methodology; rather, it reflects a genuine deterioration in an important
element of the average worker’s economic well-being. Some
additional data

Developments over time in the statistical series underlying the new
spendable earnings series also are of interest. First, chart 2 plots
real gross hourly earnings against real spendable hourly earnings (gross
earnings less estimated taxes). Note that the gross earnings series
displays a pattern similar to that of the spendable earnings series,
except that the slowdown after the mid-1960’s and the decline after
1973 are not as marked. This is clearly due to the fact that the ratio
of spendable to gross earnings fell significantly from the
mid-1960’s on.

Chart 3 shows trends in the three effective tax rates TRSS, TRFI,
and TRSI, as well as the total of the three, between 1948 and 1981. The
steady rise of the effective social security contribution rate is
clearly evident. The effective Federal income tax rate oscillates
around a more-or-less constant rate after rising during the Korean War,
but the corresponding State and local income tax rate shows a distinct
long-run upward trend (especially from the mid-1960’s on).

Finally, chart 4 compares the time pattern of the basic new
spendable ernings series with that of an alternative spendable earnings
series deflated by the fixed-weight PCE deflator rather than the CPI-W.
The overall shape–and the turning points–of the two series plotted in
the chart are very similar. However, the PCE-deflated series does not
turn down quite as sharply after 1972 and after 1977. As a result, is
peaks in 1977 rather than in 1972, and its 1981 value is the lowest
since 1969, rather than since 1963. Because the fixed-weight PCE
deflator did not rise nearly so rapidly over the past decade as the
CPI-W, its use in calculating a real earnings series yields a smaller
decline in purchasing power since 1972. But the alternative series
still conveys a very discouraging impression of the trend in
workers’ purchasing power in recent years. Conclusion

The new annual time series for the average real spendable hourly
earnings of production and nonsupervisory workers in the nonagricultural
private business sector of the U.S. economy avoids some of the
shortcomings for which the discontinued BLS series has been criticized.
And, over the postwar period, it displays a slightly more rapid rate of
growth in workers’ purchasing power. However, like the old BLS
series, the new one indicates that purchasing power declined sharply
through the late 1970’s to reach a 1981 level roughly comparable
with the recorded some two decades earlier.

There are a number of respects in which the new series could be
improved. First, it would clearly be desirable to have the values
available on a monthly as well as an annual basis, as in the case of the
old BLS series. To calculate monthly values for the new series, one
would only have to deflate BLS monthly estimates of workers’
average gross hourly earnings by the CPI-W. The resulting monthly
observations could then be multiplied by the ratio of spendable to gross
earnings (1 — TRSS — TRFI — TRSI) applicable to the year in question.

Second, the new procedure suffers from its dependence on published
IRS Federal income tax data for the estimation of TRFI and TRSI. Because
these data, even in preliminary form, are usually available only after a
lag of 1 to 2 years, it is not possible to provide monthly observations
on the same current basis as the old BLS series. To minimize this
problem, it would be necessary to develop a more approximative procedure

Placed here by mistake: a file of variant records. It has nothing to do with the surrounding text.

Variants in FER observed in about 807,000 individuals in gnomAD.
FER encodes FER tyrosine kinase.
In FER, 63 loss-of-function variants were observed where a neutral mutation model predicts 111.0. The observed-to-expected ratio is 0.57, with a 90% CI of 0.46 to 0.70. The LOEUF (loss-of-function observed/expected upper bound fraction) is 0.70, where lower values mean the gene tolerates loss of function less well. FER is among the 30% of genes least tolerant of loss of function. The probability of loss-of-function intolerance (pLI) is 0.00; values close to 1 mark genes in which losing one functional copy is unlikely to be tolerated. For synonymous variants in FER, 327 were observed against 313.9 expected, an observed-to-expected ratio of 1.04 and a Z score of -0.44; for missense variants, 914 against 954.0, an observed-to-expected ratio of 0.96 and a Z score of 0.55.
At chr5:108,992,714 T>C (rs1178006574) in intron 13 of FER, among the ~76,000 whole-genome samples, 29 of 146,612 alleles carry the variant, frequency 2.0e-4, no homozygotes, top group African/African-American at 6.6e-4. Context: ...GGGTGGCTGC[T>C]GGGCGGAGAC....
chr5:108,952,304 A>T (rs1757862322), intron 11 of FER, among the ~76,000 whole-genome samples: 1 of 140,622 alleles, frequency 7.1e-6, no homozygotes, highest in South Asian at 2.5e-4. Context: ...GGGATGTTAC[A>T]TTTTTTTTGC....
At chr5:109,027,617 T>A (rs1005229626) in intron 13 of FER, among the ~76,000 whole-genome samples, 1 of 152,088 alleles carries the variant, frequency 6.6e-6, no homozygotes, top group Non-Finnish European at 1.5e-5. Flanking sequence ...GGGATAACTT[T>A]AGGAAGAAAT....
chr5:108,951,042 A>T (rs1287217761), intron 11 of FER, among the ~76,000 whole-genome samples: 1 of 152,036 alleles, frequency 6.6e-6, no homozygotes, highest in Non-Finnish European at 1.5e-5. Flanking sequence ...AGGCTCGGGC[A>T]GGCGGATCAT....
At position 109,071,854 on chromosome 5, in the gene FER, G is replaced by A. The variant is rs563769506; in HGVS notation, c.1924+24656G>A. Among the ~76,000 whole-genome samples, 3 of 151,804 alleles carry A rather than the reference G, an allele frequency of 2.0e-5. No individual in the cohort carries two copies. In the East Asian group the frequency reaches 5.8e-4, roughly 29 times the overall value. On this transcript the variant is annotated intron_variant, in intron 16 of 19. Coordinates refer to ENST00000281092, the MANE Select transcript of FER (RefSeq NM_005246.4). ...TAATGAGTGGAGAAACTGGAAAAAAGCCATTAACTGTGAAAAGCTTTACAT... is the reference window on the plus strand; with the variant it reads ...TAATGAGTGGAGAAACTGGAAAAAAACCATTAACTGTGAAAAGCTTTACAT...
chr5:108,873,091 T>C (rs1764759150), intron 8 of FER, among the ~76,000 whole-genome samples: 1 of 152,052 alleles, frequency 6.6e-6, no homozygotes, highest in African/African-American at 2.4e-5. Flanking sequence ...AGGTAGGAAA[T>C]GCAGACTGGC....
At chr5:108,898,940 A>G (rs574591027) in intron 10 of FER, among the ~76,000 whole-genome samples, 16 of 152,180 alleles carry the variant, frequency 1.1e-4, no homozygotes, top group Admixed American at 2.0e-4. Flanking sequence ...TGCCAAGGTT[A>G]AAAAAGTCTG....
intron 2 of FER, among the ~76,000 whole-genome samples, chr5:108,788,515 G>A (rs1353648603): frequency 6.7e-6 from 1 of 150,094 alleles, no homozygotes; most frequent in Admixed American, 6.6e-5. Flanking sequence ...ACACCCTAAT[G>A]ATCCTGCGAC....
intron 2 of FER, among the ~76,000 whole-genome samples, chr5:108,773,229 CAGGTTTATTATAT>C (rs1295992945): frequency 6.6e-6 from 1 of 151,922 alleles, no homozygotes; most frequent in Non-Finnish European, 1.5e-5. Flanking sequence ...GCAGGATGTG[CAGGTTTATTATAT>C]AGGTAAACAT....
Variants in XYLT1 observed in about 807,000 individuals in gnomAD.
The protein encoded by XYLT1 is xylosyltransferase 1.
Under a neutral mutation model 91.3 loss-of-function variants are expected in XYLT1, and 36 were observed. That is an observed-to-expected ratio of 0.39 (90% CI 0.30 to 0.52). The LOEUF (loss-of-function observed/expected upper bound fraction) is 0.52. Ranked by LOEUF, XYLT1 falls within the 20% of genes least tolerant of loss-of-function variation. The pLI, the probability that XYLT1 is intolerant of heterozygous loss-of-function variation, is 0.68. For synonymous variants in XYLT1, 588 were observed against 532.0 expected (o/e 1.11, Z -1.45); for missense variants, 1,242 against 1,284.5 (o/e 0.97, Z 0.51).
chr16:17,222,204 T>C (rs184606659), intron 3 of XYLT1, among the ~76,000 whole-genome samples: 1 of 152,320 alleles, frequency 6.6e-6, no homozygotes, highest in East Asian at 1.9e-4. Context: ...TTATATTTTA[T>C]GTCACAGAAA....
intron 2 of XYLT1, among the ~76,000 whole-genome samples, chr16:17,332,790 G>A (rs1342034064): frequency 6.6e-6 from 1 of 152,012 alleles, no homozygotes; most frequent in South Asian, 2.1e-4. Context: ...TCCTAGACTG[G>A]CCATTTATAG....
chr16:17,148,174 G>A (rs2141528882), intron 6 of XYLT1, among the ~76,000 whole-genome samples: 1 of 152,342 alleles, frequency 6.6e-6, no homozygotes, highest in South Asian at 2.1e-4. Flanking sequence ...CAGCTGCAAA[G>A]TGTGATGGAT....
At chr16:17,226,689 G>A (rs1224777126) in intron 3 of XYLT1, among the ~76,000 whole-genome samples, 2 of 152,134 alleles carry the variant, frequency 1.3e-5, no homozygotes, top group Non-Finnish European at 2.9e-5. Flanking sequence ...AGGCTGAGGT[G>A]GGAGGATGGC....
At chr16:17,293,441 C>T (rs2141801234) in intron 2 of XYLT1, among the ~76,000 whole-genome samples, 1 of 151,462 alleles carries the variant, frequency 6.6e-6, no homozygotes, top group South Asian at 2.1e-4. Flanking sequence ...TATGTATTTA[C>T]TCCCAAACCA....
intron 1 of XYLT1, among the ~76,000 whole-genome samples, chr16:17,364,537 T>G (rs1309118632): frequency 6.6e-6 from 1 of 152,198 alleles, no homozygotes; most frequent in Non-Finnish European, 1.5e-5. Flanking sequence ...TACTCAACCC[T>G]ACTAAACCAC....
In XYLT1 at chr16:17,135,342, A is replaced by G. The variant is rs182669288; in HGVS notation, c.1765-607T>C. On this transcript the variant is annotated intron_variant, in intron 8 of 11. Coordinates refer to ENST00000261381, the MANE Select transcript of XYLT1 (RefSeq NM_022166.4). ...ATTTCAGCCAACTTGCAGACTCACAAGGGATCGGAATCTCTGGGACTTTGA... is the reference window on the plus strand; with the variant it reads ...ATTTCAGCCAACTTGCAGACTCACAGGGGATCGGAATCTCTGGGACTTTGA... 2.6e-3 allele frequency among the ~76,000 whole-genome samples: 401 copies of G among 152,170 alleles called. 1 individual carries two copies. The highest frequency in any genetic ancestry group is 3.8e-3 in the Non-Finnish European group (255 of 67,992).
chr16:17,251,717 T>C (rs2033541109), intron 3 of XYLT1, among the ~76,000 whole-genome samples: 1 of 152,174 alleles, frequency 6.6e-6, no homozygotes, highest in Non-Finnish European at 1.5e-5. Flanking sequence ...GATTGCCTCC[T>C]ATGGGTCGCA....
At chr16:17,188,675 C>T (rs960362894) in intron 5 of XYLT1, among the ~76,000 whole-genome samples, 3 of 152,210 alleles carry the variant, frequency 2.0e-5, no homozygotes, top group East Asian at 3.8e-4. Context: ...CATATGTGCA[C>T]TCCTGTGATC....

for estimating the current effective Federal income tax rate on the
average worker’s annual earnings. This could be done by
extrapolating from the most recently available annual observation using
data on legislated rates of Federal income taxation, thus borrowing from
the old BLS methodology for the purpose of providing timely preliminary

Third, there are some problems in using the effective Federal
income tax rate on the average workerhs annual earnings to calculate
TRFI. For example, if the typical worker has some nonwage income in
addition to his or her wages, the effective tax rate on that
worker’s total income will be understated because of the
progressivity of the tax structure. Also, if there are among the tax
returns in the relevant income size bracket some that have been filed
jointly by two-earner couples, the effective tax rate on that income
class will understate the tax rate that would be applicable to workers
who are sole wage-earners in their taxpaying unit. (The latter rate is
the relevant one for the purpose at hand.) Thus, the procedure I have
used to estimate TRFI is subject to a slight downward bias, and
spendable earnings are correspondingly overestimated. However, given
the very modest progressivity of the Federal income tax structure and
the relatively small fraction of workers for whom the above
considerations are likely to apply, the bias is surely very minor.

Fourth, the method I have used to estimate the impact of State and
local income taxation is very rough. A detailed examination of State
income tax data might yield improvement upon my simplifying assumption
of proportionality between Federal and State and local income taxation
across all income classes. However, the evidence in chart 3 indicates
that TRSI is substantially less significant than either TRSS or TRFI;
thus, any bias due to the rough methodology is unlikely to have much of
an impact on the spendable earnings series.

Finally, as one can tell by comparing the two series shown in chart
4, the choice of an appropriate earnings deflator is an important one
for a real purchasing power series–especially for assessing trends
during periods of rapid inflation such as the 1970’s. Because both
the CPI-W and the PCE deflator have their weaknesses, further efforts to
develop a better deflator for evaluating workers’ real spendable
earnings are clearly warranted.